Posts in Category

Break into Tech

New York-based Mobot has publicly launched its QA-as-a-service platform and closed $12.5 million in Series A funding. The funding round was led by Cota Capital, a firm that recently backed Token.io, with participation from Heavybit, Uncorrelated Ventures, and others. Eden Full Goh founded Mobot in 2018 in New York after a decade of experience in engineering and product. Her journey? She dropped out of Princeton to build SunSaluter, a low-cost solar panel rotator used in developing countries around the world, with an entrepreneurship fellowship from The Thiel Foundation. After realizing the

Last Friday at the State House in Nairobi, Kenya’s outgoing president, Uhuru Kenyatta, announced the addition of coding as a subject into its primary and secondary schools curricula. With this new breakthrough, Kenya reportedly becomes the first African government to recognize coding as a topic of study in the two early schools. “I congratulate the Kenya Institute of Curriculum Development for guiding our country to this historic milestone by including coding as a crucial ability inside our new Competency Based Curriculum,” Kenyatta announced. Kodris Africa, an online publishing company specializing

Many startup cofounders have exciting stories to share about how they met. From bonding as college roommates or former colleagues to surprise encounters leading to entrepreneurial adventures but for some, that perfect cofounder is found through a match-making platform. Damilare Ogunleye is the co-founder and CEO of FoodLama. He runs the Google-backed startup with his cofounder – 18-year-old Santiago Schmitt. But how does the startup work? FoodLama is a free-to-install-and-use browser extension that simplifies online grocery shopping with preferences. By taking into account your household’s individual allergies, preferences, and needs,

SoLa Impact and Riot Games have partnered to launch the Tech & Entrepreneurship Center, which aims to help “inspire and develop the next generation of Black and Brown game developers.”  The new center will be located in the heart of South Los Angeles and will provide accessible technology education to the South Los Angeles community.  The initiative was made possible after the popular game developer app, Riot Games, donated $2.25 million to the SoLa I CAN Foundation. The additional funding went towards the design of the center, which will be free for all

As a Black woman who loves anime, Bee Law knows these spaces can often be unwelcoming to people like her. To combat this issue, she created a solution to give Black women more representation in the community. Bee Law’s life has been guided by a desire to help communities. At 16, she started a nonprofit for students with autism after witnessing one of her friends get bullied. Later on, Law pursued a full-time career in cytogenetics, which she saw as a way of helping communities from a scientific perspective. Now,

Adesuwa Okunbo Rhodes is the Managing Partner and Founder of Aruwa Capital Management and one of a handful of women leading VC firms in Africa. Aruwa invests between $500,000 and $2.5 million in post-seed stage startups. Beyond being able to invest in an underrepresented market, existing data suggests that gender diversity improves companies’ profitability, and Rhodes was keen to exploit this. “I’ve been in the industry for 14 years. I was running a fund prior to launching Aruwa, and when I was fundraising for that fund, I looked around and saw that there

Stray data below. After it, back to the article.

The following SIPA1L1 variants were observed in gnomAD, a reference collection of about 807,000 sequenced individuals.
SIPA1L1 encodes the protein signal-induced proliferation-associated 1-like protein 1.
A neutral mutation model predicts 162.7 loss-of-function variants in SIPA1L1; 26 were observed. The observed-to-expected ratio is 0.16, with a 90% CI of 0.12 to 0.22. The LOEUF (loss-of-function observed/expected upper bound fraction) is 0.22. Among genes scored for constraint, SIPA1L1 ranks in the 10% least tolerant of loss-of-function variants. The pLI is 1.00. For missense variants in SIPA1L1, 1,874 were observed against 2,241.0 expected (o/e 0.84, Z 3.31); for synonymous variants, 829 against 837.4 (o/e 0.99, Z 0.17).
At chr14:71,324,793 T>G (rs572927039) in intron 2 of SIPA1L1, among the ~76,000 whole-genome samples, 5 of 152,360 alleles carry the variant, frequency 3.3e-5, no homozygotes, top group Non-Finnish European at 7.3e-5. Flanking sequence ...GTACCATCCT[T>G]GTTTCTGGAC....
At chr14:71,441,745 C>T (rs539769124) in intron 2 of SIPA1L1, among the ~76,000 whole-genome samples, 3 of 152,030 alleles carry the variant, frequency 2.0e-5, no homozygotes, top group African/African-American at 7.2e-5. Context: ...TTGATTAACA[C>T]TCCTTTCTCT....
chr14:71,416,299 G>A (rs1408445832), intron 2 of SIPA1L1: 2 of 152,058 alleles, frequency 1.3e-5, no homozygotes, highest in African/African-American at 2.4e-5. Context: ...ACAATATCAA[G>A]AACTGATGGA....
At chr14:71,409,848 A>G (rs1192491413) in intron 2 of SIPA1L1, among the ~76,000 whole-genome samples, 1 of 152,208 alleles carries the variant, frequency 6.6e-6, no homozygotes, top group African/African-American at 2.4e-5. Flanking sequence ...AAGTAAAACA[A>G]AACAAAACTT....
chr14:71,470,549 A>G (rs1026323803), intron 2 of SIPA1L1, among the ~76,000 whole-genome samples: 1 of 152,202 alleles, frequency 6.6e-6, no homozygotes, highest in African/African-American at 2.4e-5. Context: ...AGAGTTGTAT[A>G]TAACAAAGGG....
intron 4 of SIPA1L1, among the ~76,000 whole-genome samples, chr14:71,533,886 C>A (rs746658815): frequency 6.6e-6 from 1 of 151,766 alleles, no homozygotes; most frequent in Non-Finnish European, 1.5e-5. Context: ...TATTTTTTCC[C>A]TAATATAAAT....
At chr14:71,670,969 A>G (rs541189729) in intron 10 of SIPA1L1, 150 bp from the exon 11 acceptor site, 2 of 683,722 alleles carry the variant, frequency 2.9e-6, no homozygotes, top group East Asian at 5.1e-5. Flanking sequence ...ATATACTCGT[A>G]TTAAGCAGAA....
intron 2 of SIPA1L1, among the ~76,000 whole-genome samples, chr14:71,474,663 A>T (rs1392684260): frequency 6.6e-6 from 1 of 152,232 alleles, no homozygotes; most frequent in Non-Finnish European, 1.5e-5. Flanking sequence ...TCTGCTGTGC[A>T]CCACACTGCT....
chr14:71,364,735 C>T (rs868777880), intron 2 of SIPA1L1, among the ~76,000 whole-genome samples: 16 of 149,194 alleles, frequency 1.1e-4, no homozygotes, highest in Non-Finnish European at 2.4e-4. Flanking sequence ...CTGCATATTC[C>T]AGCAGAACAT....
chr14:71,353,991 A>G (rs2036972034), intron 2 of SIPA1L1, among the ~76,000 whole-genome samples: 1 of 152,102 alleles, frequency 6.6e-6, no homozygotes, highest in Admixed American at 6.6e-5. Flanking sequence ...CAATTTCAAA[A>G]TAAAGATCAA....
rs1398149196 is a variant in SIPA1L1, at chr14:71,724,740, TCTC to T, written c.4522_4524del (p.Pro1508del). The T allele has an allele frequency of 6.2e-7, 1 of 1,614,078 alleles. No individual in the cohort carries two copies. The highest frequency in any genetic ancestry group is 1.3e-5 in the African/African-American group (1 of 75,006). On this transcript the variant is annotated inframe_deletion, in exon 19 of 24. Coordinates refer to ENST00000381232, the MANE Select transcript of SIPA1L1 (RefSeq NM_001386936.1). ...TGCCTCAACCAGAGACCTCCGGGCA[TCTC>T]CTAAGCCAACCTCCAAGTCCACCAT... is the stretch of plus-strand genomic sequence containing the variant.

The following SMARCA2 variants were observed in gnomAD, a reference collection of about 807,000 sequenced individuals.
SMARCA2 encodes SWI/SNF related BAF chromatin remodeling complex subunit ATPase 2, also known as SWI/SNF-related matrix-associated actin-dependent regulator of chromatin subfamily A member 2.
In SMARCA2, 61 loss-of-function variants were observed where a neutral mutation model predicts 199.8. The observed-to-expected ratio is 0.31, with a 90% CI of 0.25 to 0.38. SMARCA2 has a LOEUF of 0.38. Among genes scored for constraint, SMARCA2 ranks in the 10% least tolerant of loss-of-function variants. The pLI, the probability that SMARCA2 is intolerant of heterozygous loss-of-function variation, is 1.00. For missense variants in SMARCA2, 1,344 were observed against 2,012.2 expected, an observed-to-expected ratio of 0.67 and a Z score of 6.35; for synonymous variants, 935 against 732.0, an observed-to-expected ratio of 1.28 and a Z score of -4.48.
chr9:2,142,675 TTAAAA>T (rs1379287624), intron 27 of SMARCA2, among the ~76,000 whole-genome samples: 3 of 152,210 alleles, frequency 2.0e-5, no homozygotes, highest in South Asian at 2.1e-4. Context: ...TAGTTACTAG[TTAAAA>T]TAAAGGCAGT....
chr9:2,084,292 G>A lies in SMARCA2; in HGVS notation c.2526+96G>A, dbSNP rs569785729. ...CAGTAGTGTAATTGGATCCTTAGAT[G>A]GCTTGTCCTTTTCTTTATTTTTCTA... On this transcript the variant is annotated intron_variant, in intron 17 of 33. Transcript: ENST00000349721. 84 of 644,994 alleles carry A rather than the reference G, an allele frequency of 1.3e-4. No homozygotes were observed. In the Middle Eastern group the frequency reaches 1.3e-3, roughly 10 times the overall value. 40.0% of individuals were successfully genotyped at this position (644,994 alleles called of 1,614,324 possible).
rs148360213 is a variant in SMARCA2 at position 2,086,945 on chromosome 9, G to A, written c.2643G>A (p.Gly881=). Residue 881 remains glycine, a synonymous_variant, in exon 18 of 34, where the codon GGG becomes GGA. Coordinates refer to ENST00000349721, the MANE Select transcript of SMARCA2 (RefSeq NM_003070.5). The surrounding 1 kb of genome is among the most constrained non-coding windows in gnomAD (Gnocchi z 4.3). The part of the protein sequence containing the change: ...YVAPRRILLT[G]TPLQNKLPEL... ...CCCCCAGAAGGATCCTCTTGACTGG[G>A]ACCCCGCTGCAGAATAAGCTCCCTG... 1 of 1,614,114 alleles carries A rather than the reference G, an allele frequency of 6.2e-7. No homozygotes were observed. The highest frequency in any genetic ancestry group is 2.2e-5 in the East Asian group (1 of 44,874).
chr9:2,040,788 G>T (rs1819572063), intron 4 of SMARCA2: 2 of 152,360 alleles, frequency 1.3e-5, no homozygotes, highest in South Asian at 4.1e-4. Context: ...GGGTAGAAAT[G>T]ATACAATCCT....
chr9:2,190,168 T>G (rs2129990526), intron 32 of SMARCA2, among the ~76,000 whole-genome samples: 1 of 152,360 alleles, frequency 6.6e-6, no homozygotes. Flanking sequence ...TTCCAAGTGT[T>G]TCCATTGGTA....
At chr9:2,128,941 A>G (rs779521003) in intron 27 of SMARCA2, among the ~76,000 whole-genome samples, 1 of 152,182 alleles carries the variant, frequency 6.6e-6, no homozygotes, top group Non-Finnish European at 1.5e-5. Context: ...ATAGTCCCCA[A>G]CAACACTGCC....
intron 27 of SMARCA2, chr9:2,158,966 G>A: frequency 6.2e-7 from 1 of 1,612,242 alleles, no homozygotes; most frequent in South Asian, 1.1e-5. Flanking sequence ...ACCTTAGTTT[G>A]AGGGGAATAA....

Black Coffee, the famed South African DJ and record producer, whose real name is Nkosinathi Maphumulo, backed Andela, a tech talent incubator and unicorn launched from Lagos in 2015. But he’s not the only musician dipping his toe into the tech scene – African artists worldwide are using personal funds and collectives to invest in startups. Mr. Eazi, real name Oluwatosin Ajibade, made headlines in Africa’s tech circles following his investment in pawaPay, a UK-based and Africa-focused mobile payments company through Zagadat Capital. But unlike Jay-Z and many other African-American musicians now entering

The business and tech industry has created two flaws, according to Henri Pierre-Jacques, a managing partner at Harlem Capital. Sharing his thoughts on the investor ecosystem on Linkedin, he said: “young companies are now all called ‘startups,’ implying they are tech-focused when most aren’t […] We push all young companies towards VC when most shouldn’t raise venture capital. “There aren’t enough ways for young companies that aren’t startups to get growth capital, so they have been essentially forced to become ‘startups’ to target VC.” For context – back in March

Rusty and River Fields, two brothers born and raised in Brooklyn, have started the first hacker house for young Black tech entrepreneurs.  The house, nicknamed “R-House,” brings tech enthusiasts together to live and work alongside each other for four weeks as they build their own Web-3.0 startups.  Speaking to Bronx.news, Rusty Fields, who graduated from the University of Pennsylvania with a neuroscience degree, said: “Black builders, they face unique challenges when they go to launch companies.”  “We really wanted to create the space and experience for them to build deep and authentic

Black-owned acceleration organization /dev/color recently announced its partnership with visual discovery platform, Pinterest, to help support its mission of changing the tech industry for good.  The $3 million partnership launched last year is dedicated to elevating Black technologists and leaders throughout the tech industry. Both companies will provide coaching and mentorship programs to help empower Black software engineers, executives, and entrepreneurs, giving them the tools they need to succeed within the tech industry. Also, HBCU students will benefit from this partnership as both platforms look to invest in the Black

1 2 3 4 5 54 Page 3 of 54